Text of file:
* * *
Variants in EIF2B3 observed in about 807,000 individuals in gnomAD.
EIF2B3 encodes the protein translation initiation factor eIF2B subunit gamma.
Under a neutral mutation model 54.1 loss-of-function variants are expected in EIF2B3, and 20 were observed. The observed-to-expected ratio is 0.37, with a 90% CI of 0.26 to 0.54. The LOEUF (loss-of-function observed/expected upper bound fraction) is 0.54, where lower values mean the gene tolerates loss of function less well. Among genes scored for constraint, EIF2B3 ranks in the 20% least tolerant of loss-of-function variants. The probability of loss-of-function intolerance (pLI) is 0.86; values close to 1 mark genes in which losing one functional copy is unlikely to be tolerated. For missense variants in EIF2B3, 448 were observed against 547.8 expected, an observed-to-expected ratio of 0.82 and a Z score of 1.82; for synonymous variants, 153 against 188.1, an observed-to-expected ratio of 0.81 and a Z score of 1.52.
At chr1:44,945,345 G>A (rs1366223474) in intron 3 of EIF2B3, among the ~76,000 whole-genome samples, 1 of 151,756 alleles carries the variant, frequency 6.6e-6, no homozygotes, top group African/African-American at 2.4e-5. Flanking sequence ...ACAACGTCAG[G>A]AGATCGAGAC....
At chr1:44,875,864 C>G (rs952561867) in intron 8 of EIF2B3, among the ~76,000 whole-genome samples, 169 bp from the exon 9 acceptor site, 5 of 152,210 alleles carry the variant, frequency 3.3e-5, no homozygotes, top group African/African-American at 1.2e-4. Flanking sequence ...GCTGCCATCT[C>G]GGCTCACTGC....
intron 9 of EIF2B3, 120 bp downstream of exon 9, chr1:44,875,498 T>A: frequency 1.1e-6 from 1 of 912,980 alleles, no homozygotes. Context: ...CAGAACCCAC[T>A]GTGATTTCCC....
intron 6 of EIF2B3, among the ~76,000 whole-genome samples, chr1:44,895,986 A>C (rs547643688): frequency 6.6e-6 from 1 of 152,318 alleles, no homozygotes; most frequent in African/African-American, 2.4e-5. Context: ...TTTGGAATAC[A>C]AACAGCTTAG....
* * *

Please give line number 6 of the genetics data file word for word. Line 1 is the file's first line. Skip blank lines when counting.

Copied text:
intron 9 of EIF2B3, 120 bp downstream of exon 9, chr1:44,875,498 T>A: frequency 1.1e-6 from 1 of 912,980 alleles, no homozygotes. Context: ...CAGAACCCAC[T>A]GTGATTTCCC....